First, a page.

Extension Master Food Volunteers Pesto Taste Test

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Our Extension Master Food Volunteers (EMFV) recently explored the different tastes of basil. The EMFV partnered with the Extension Master Gardener℠  Volunteers to evaluate several basil cultivars at the Extension Demonstration Kitchen in Bolivia.

This was part of an on-going research project being conducted by the Extension Master Gardener Volunteers, North Carolina State University and N.C. Cooperative Extension Consumer Horticulture Agents. The Extension Master Gardener℠  Volunteers planted a test plot of basil this past June. This plot contains six different cultivars. One of the varieties is the classic Genovese basil and the others are experimental. 

EMFV Maria Knapik and Rachel Bland, Family and Consumer Science Extension Agent cutting basil from the test plot.

EMFV Maria Knapik and Rachel Bland, Family and Consumer Science Extension Agent cutting basil from the test plot.

Basil tends to be susceptible to Basil Downy Mildew. One of the goals of this study is to assess the resistance of these cultivars to this mildew. So far, zero Basil Downy Mildew has been found on the Brunswick County plot.

Additionally, each cultivar is being evaluated for aroma, taste and appearance. It has been tested alone, with a traditional Caprese Salad (with tomatoes and mozzarella) and now the EMFV have made it into a classic pesto.

While the cultivars had similarities to each other, there were also some distinct differences. The size and shapes of the leaves varied. Some had more aroma. Others had very observable flavor differences. The appearance, aroma and flavor were ranked using a scale of “undesirable”, “somewhat desirable” and “most desirable”. It was interesting to see how differently each individual rated these characteristics. The research results won’t be available until later this fall.

The EMFV carefully picked the basil assuring that they kept the cultivars separate. They also used the same recipe to insure consistency. Traditionally, pesto is made with pine nuts, but they can be pricey. The recipe used for the taste testing contained walnuts instead. When making pesto, you can substitute other nuts such as cashews, almonds, pecans or pine nuts as you like or have on hand.

 Paul Reinmann and Laura Vaughan cutting basil.

Paul Reinmann and Laura Vaughan cutting basil.

Basil is the basic ingredient in this pesto, but other herbs or leafy greens such parsley, kale or spinach could be substituted for all or part of the basil. I like to always include some basil  to get that distinct flavor when I make pesto,  but it is not necessary.

Basil Walnut Pesto

½ cup olive oil (divided, plus more if needed)

4 cups fresh basil leaves, packed

2 garlic cloves, minced

½ cup parmesan cheese, shredded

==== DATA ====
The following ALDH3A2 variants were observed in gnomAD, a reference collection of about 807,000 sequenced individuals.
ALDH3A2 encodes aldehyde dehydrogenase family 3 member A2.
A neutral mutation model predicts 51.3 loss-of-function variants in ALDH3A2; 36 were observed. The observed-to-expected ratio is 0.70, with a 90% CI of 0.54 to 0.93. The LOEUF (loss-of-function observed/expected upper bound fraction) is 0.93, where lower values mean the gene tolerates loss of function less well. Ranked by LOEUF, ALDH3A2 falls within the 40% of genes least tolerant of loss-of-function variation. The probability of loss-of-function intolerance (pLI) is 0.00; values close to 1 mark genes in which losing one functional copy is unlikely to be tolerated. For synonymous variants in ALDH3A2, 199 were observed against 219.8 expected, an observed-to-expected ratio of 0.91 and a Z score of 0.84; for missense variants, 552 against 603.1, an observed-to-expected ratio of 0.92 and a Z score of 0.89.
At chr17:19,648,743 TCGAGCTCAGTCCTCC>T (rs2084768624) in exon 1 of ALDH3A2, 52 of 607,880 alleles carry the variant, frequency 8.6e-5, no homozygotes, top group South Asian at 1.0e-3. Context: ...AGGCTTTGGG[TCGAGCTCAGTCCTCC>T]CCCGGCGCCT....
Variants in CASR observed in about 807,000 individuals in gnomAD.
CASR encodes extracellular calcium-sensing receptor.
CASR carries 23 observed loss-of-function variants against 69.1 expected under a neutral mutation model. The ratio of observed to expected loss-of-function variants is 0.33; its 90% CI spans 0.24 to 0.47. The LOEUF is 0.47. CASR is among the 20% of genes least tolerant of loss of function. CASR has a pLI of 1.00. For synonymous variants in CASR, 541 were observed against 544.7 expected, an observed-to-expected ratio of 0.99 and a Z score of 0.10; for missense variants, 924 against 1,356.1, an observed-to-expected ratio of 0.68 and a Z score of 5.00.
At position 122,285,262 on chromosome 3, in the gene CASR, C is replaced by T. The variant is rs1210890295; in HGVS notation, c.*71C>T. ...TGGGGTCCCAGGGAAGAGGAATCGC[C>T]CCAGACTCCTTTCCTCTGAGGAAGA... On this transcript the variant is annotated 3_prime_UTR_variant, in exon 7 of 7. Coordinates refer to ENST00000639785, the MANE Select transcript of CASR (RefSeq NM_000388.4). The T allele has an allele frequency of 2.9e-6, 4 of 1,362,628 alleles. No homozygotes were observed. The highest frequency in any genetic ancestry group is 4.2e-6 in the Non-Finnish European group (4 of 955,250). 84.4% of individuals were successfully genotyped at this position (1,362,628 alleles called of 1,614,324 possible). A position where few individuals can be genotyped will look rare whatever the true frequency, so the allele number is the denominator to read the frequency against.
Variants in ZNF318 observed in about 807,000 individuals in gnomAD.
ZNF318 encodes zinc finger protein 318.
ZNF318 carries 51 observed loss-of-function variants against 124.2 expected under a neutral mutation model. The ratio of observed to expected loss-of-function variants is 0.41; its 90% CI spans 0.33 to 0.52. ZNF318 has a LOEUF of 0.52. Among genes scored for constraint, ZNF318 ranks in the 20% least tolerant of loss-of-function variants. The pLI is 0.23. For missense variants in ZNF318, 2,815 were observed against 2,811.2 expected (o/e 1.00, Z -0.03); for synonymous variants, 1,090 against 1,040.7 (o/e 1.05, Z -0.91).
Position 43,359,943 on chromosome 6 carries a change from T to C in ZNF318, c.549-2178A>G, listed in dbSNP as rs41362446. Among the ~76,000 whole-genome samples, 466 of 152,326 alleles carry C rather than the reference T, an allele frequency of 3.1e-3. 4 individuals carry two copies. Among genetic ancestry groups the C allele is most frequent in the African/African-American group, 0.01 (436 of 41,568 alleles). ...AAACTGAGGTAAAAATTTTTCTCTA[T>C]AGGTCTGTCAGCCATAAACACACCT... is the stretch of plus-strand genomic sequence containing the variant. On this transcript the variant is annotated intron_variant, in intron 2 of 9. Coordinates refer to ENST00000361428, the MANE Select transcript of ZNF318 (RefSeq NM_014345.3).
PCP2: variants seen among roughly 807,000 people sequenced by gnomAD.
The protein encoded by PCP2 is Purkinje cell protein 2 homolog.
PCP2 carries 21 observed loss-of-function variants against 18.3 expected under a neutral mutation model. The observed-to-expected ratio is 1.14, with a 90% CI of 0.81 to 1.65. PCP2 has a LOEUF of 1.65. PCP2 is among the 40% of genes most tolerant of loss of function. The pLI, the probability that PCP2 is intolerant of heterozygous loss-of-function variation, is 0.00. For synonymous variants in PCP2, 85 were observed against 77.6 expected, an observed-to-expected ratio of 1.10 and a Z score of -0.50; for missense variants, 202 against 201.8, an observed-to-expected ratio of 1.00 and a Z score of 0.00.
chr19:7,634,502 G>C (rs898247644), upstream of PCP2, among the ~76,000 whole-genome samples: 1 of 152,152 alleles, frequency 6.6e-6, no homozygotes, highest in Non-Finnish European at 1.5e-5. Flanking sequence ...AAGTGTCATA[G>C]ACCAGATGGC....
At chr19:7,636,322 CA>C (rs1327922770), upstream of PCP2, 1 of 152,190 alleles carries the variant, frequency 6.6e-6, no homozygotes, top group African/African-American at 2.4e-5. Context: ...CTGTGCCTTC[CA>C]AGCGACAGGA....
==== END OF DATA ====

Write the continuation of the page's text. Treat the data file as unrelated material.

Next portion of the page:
½ cup unsalted walnuts

1 lemon, juiced (or 3 Tablespoons bottled lemon juice)

Zest from one lemon (optional)

Salt and pepper to taste

  • Wash hands and disinfect surfaces before beginning. In a blender or food processor, add half the basil leaves and ¼ cup of olive oil. Blend until finely chopped.
  • Add the other half of the basil leaves and continue to blend. Add the remaining olive oil as needed, until all the basil has been blended.
  • Add the nuts, garlic, lemon juice, lemon zest, salt and pepper and blend until smooth.
  • Add the parmesan cheese and blend again until a coarse sauce is achieved. Taste and add any additional lemon juice or salt and pepper, if desired.
  • Blend one last time until all ingredients are well combined. Store in an air-tight container for up to four days.

The pesto was evaluated alone and with pita chips. It could be used on sandwiches, pasta, pizza, vegetables or as a sauce for fish or chicken.

EMFVs Paul Rwinmann, Lori Van Horn, Jane Kulesza and Extension Agent Meghan Lassiter (left to right) evaluating the six cultivars of basil.

EMFVs Paul Reinmann, Lori Van Horn, Jane Kulesza and Extension Agent Meghan Lassiter (left to right) evaluating the six cultivars of basil.

The Extension Master Food Volunteers (EMFV) work with the Family and Consumer Science Extension staff to conduct educational programs in the area of food, nutrition and food safety. There are currently nine EMFV that volunteer for N.C. Cooperative Extension in both Brunswick and New Hanover counties. For information on becoming an EMFV contact Megan Lassiter at the N.C. Cooperative Extension in Brunswick County.

A special thank you to Extension Master GardenerSM Volunteers Robin Murray and  Steve Anderman and Krystyna Ochota, Consumer Horticulture Program Assistant and Master Gardener Coordinator for Brunswick County for their assistance with this taste testing.

Syracuse is a Family and Consumer Science team member and can be reached at N.C. Cooperative Extension, Brunswick County Center 910-253-2610